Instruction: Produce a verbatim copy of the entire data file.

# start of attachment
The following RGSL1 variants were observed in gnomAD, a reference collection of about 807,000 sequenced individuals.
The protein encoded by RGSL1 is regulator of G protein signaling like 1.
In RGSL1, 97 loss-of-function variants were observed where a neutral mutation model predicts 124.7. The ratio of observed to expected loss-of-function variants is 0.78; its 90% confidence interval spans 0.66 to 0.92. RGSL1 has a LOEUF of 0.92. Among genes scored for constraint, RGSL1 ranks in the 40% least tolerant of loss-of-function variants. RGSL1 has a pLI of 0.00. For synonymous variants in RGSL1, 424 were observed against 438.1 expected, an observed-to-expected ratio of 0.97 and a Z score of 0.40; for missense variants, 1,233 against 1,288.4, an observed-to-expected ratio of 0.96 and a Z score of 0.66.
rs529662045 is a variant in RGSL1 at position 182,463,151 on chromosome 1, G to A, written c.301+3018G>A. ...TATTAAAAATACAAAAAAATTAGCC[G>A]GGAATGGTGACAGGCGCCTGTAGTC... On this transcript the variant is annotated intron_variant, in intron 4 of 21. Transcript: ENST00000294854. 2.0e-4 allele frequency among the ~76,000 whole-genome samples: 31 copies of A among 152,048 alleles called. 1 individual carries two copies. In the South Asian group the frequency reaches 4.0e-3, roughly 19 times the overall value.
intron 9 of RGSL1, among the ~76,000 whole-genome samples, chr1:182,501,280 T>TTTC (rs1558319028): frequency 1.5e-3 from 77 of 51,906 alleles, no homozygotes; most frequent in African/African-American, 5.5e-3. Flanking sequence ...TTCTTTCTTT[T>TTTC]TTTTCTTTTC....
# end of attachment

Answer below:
The following RGSL1 variants were observed in gnomAD, a reference collection of about 807,000 sequenced individuals.
The protein encoded by RGSL1 is regulator of G protein signaling like 1.
In RGSL1, 97 loss-of-function variants were observed where a neutral mutation model predicts 124.7. The ratio of observed to expected loss-of-function variants is 0.78; its 90% confidence interval spans 0.66 to 0.92. RGSL1 has a LOEUF of 0.92. Among genes scored for constraint, RGSL1 ranks in the 40% least tolerant of loss-of-function variants. RGSL1 has a pLI of 0.00. For synonymous variants in RGSL1, 424 were observed against 438.1 expected, an observed-to-expected ratio of 0.97 and a Z score of 0.40; for missense variants, 1,233 against 1,288.4, an observed-to-expected ratio of 0.96 and a Z score of 0.66.
rs529662045 is a variant in RGSL1 at position 182,463,151 on chromosome 1, G to A, written c.301+3018G>A. ...TATTAAAAATACAAAAAAATTAGCC[G>A]GGAATGGTGACAGGCGCCTGTAGTC... On this transcript the variant is annotated intron_variant, in intron 4 of 21. Transcript: ENST00000294854. 2.0e-4 allele frequency among the ~76,000 whole-genome samples: 31 copies of A among 152,048 alleles called. 1 individual carries two copies. In the South Asian group the frequency reaches 4.0e-3, roughly 19 times the overall value.
intron 9 of RGSL1, among the ~76,000 whole-genome samples, chr1:182,501,280 T>TTTC (rs1558319028): frequency 1.5e-3 from 77 of 51,906 alleles, no homozygotes; most frequent in African/African-American, 5.5e-3. Flanking sequence ...TTCTTTCTTT[T>TTTC]TTTTCTTTTC....